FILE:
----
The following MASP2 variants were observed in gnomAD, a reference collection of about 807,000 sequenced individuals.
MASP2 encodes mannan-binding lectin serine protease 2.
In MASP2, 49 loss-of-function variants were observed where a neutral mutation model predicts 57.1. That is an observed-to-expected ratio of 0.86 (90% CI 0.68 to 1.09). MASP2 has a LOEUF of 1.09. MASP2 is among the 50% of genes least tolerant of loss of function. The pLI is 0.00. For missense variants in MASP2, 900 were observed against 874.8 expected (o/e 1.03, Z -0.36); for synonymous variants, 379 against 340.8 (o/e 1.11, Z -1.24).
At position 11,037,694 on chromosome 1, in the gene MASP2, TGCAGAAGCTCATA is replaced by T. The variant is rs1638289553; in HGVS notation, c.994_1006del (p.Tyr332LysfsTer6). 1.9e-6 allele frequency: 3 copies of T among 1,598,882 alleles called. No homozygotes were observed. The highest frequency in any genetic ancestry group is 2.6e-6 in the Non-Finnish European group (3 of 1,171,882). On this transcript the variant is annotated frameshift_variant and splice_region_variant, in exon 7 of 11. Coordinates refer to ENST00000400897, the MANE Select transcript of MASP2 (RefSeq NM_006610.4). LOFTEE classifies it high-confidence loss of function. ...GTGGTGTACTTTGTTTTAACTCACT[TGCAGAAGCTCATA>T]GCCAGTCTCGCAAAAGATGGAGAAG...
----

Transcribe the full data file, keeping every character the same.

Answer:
The following MASP2 variants were observed in gnomAD, a reference collection of about 807,000 sequenced individuals.
MASP2 encodes mannan-binding lectin serine protease 2.
In MASP2, 49 loss-of-function variants were observed where a neutral mutation model predicts 57.1. That is an observed-to-expected ratio of 0.86 (90% CI 0.68 to 1.09). MASP2 has a LOEUF of 1.09. MASP2 is among the 50% of genes least tolerant of loss of function. The pLI is 0.00. For missense variants in MASP2, 900 were observed against 874.8 expected (o/e 1.03, Z -0.36); for synonymous variants, 379 against 340.8 (o/e 1.11, Z -1.24).
At position 11,037,694 on chromosome 1, in the gene MASP2, TGCAGAAGCTCATA is replaced by T. The variant is rs1638289553; in HGVS notation, c.994_1006del (p.Tyr332LysfsTer6). 1.9e-6 allele frequency: 3 copies of T among 1,598,882 alleles called. No homozygotes were observed. The highest frequency in any genetic ancestry group is 2.6e-6 in the Non-Finnish European group (3 of 1,171,882). On this transcript the variant is annotated frameshift_variant and splice_region_variant, in exon 7 of 11. Coordinates refer to ENST00000400897, the MANE Select transcript of MASP2 (RefSeq NM_006610.4). LOFTEE classifies it high-confidence loss of function. ...GTGGTGTACTTTGTTTTAACTCACT[TGCAGAAGCTCATA>T]GCCAGTCTCGCAAAAGATGGAGAAG...